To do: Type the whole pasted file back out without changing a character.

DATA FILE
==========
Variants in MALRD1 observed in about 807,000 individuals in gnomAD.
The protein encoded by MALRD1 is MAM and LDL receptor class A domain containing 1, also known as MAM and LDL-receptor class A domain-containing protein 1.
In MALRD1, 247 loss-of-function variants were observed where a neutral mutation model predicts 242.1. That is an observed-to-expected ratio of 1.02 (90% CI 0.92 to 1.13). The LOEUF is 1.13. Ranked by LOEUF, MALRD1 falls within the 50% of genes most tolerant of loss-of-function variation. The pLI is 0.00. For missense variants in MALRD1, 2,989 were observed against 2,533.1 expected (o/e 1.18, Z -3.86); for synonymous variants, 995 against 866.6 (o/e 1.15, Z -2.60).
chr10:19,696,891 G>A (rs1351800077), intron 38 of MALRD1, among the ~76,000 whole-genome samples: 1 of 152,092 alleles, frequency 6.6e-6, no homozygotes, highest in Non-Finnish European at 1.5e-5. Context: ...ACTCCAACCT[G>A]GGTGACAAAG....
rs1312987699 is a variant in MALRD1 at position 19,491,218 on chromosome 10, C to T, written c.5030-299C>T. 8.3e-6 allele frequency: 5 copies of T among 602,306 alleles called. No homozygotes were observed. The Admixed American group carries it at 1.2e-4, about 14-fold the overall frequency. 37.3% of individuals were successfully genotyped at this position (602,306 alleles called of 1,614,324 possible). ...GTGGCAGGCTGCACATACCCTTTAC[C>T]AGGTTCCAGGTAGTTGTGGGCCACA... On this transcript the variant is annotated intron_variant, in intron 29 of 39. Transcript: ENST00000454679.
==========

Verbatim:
Variants in MALRD1 observed in about 807,000 individuals in gnomAD.
The protein encoded by MALRD1 is MAM and LDL receptor class A domain containing 1, also known as MAM and LDL-receptor class A domain-containing protein 1.
In MALRD1, 247 loss-of-function variants were observed where a neutral mutation model predicts 242.1. That is an observed-to-expected ratio of 1.02 (90% CI 0.92 to 1.13). The LOEUF is 1.13. Ranked by LOEUF, MALRD1 falls within the 50% of genes most tolerant of loss-of-function variation. The pLI is 0.00. For missense variants in MALRD1, 2,989 were observed against 2,533.1 expected (o/e 1.18, Z -3.86); for synonymous variants, 995 against 866.6 (o/e 1.15, Z -2.60).
chr10:19,696,891 G>A (rs1351800077), intron 38 of MALRD1, among the ~76,000 whole-genome samples: 1 of 152,092 alleles, frequency 6.6e-6, no homozygotes, highest in Non-Finnish European at 1.5e-5. Context: ...ACTCCAACCT[G>A]GGTGACAAAG....
rs1312987699 is a variant in MALRD1 at position 19,491,218 on chromosome 10, C to T, written c.5030-299C>T. 8.3e-6 allele frequency: 5 copies of T among 602,306 alleles called. No homozygotes were observed. The Admixed American group carries it at 1.2e-4, about 14-fold the overall frequency. 37.3% of individuals were successfully genotyped at this position (602,306 alleles called of 1,614,324 possible). ...GTGGCAGGCTGCACATACCCTTTAC[C>T]AGGTTCCAGGTAGTTGTGGGCCACA... On this transcript the variant is annotated intron_variant, in intron 29 of 39. Transcript: ENST00000454679.